While all of this discussion of fossils, paleoconditions, and genetics may sound a bit daunting, complicated, or even off-putting, Dr. Stringer does a sterling job of leading the reader--whether layperson or specialist--through the data and evidence with his well-written and entertaining prose. I've kind of come to realize that Stringer and his peers--paleoanthropologists--are really much akin to detectives hot on the trail to better understand when we became who we are, and how we became who we are, and perhaps even be able to answer why. This book will definitely help you get your arms (and brain) around the critical issues and questions associated with what makes us human

In closing, it is my opinion that Chris Stringer's incredibly thought-provoking Chapter 8 of the book, "Making A Modern Human" ought to be required reading by all of us. I don't know that I have underlined more passages or made more marginalia notes in a book since I left college in the mid-1980s. Reading this book, and Chapter 8 in particular, has stimulated a desire in me to chase down a lot of the technical references and journal articles that Dr. Stringer has provided in the book's extensive bibliography. This is a subject that profoundly fascinates me, and I am committed to educate myself and better understand my human origins, and have nothing but admiration and gratitude to Chris Stringer for inspiring me toward this end. All I can say is read Lone Survivors, it really is one of the most comprehensive overviews of the current state-of-knowledge associated with our human origins that I've read.
50 of 51 people found the following review helpful
difficult but informative read 14 Oct 2012
By DaLaoHu - Published on
Format: Hardcover
I'm having a tough time deciding whether to give this book three stars or four. This is a very informative book, no doubt about that. If you're a layperson like me interested in the latest developments in the field of human origins, this book provides a wealth of up-to-date information and will also lead you into new ways of thinking about the subject. For instance, in my case, although it seems so obvious in retrospect, I never considered how important such a simple thing as population size was to the ultimate evolution of our species. But of course, ancient human populations were not necessarily expansive, as I had always tended to think of them, but at times could have been (and most likely were) limited to very small pockets of survivors, greatly impacting their ultimate chances for survival. And perhaps more importantly, greatly impacting the results of any survival. (Which leads to the further question, which the author puts forward: how many pockets like these might there have been which we do not yet even know about?)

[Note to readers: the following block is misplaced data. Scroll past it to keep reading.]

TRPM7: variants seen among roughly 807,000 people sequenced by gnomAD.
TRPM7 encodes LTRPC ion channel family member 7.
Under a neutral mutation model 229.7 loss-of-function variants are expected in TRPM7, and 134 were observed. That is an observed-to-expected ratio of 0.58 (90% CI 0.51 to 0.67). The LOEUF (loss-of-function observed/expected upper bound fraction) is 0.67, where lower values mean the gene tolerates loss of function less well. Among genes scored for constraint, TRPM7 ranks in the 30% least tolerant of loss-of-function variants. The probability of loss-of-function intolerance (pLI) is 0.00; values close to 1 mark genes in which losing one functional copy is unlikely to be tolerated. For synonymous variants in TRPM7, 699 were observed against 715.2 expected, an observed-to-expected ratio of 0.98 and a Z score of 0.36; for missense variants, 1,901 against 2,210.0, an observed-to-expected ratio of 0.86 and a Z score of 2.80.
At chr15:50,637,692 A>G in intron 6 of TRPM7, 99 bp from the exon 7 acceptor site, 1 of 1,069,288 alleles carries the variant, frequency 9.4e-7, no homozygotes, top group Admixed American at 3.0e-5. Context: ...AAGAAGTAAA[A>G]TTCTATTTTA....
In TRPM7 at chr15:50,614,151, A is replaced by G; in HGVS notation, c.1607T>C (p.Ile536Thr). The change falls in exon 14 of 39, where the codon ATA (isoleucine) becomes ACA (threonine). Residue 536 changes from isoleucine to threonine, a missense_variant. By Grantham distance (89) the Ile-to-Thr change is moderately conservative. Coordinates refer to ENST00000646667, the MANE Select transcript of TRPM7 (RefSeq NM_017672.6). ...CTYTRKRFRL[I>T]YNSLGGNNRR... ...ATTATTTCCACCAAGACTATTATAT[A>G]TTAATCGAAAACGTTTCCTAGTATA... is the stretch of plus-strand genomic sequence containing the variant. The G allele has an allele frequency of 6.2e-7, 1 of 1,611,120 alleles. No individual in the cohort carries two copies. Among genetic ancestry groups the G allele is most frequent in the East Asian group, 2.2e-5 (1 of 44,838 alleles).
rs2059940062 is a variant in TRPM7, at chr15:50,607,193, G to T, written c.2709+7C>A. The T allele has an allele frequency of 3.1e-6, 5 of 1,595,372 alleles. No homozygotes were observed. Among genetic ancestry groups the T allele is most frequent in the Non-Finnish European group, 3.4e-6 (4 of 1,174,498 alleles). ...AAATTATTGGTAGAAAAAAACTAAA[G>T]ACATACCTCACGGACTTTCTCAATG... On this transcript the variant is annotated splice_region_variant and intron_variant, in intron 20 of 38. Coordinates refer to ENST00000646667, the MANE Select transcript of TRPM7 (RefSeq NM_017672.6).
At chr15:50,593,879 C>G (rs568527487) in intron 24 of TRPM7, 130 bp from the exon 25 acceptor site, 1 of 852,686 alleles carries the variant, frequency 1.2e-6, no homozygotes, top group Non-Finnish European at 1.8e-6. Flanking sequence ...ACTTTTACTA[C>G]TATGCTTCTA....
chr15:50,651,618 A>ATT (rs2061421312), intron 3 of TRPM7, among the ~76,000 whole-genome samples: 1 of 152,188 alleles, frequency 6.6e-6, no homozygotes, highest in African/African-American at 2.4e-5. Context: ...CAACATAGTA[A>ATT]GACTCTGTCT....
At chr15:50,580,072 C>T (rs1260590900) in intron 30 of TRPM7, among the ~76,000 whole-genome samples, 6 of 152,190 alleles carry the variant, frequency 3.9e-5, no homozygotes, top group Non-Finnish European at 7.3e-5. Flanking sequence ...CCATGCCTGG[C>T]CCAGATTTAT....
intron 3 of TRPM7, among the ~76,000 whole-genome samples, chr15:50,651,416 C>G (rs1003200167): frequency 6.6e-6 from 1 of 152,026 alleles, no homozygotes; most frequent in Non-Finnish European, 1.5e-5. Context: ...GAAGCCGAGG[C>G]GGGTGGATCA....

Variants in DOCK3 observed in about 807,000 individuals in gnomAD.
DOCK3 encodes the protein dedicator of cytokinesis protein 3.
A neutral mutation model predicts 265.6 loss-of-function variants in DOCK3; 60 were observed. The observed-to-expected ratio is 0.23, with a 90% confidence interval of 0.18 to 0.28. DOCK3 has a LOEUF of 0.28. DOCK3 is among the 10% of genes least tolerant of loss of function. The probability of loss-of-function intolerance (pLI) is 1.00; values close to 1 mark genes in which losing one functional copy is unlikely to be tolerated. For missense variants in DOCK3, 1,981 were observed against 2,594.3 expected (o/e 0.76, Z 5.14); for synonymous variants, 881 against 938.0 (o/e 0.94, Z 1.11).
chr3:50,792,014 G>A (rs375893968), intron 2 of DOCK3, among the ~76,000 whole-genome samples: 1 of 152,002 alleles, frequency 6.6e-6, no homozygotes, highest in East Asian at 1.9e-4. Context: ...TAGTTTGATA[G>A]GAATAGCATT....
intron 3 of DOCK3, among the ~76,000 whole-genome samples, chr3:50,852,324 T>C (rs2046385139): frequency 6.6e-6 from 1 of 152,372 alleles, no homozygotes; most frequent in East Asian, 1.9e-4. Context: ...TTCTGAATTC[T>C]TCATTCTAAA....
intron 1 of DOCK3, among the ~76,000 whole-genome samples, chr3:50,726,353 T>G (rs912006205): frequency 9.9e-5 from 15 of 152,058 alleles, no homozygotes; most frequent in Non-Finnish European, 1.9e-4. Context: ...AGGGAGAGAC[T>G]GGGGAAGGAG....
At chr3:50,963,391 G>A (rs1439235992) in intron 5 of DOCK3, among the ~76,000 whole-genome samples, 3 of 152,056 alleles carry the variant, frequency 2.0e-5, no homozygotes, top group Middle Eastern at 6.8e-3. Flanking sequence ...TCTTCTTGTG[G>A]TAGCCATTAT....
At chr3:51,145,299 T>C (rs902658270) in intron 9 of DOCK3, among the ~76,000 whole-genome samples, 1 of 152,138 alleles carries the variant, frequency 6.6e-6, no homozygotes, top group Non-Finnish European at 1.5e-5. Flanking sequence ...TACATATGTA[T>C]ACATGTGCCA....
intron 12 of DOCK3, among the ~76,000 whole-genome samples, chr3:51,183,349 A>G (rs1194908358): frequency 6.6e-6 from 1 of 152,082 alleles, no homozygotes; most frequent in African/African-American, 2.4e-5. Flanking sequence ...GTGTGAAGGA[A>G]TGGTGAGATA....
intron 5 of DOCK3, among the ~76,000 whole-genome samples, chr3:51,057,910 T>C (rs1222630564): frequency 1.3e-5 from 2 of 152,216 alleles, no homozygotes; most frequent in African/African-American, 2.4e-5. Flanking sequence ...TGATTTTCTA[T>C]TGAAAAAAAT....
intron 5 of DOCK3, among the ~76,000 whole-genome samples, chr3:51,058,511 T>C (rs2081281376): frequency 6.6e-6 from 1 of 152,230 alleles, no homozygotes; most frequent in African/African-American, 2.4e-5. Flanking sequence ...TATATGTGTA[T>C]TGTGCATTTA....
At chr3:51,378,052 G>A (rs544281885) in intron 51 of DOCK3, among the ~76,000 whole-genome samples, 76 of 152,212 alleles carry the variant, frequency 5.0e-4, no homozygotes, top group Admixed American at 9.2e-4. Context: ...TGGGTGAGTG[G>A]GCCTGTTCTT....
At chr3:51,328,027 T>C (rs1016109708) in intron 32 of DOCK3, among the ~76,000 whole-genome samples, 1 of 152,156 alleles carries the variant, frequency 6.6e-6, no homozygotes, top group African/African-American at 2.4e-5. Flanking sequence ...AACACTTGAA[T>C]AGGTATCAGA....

And for this wealth of knowledge I give it four stars. This is a book well worth reading. You will be gifted with a thorough and thought-provoking survey of most of the recent trends and discoveries concerning the subject of human origins.

But, oh, the writing and editing ... It seems to me this book was a rush job, that with the field changing so quickly, both the author and editor felt compelled to get it to the market fast. And the text suffers for it. There are far too many references that are not adequately followed up on or placed out of context. Often the reader is left to simply scratch his head and wonder: what? And perhaps then wonder why even bother to continue. The chapter on dating techniques is almost unbearable. A little time and thought could have corrected many of these problems, but the editor(s) didn't seem to have or give much time and thought to it. And for that I am wanting to demote it to three stars.

But the light at the end of the tunnel, the one saving grace, is this: That each succeeding chapter tends to get easier to read than the one preceding. And in consequence, more interesting. So that if you can plow through the first eighty pages or so, you will get rewarded the rest of the way through. And even more so the further you read.
50 of 51 people found the following review helpful
Please read this book... 10 April 2012
By J. Borree - Published on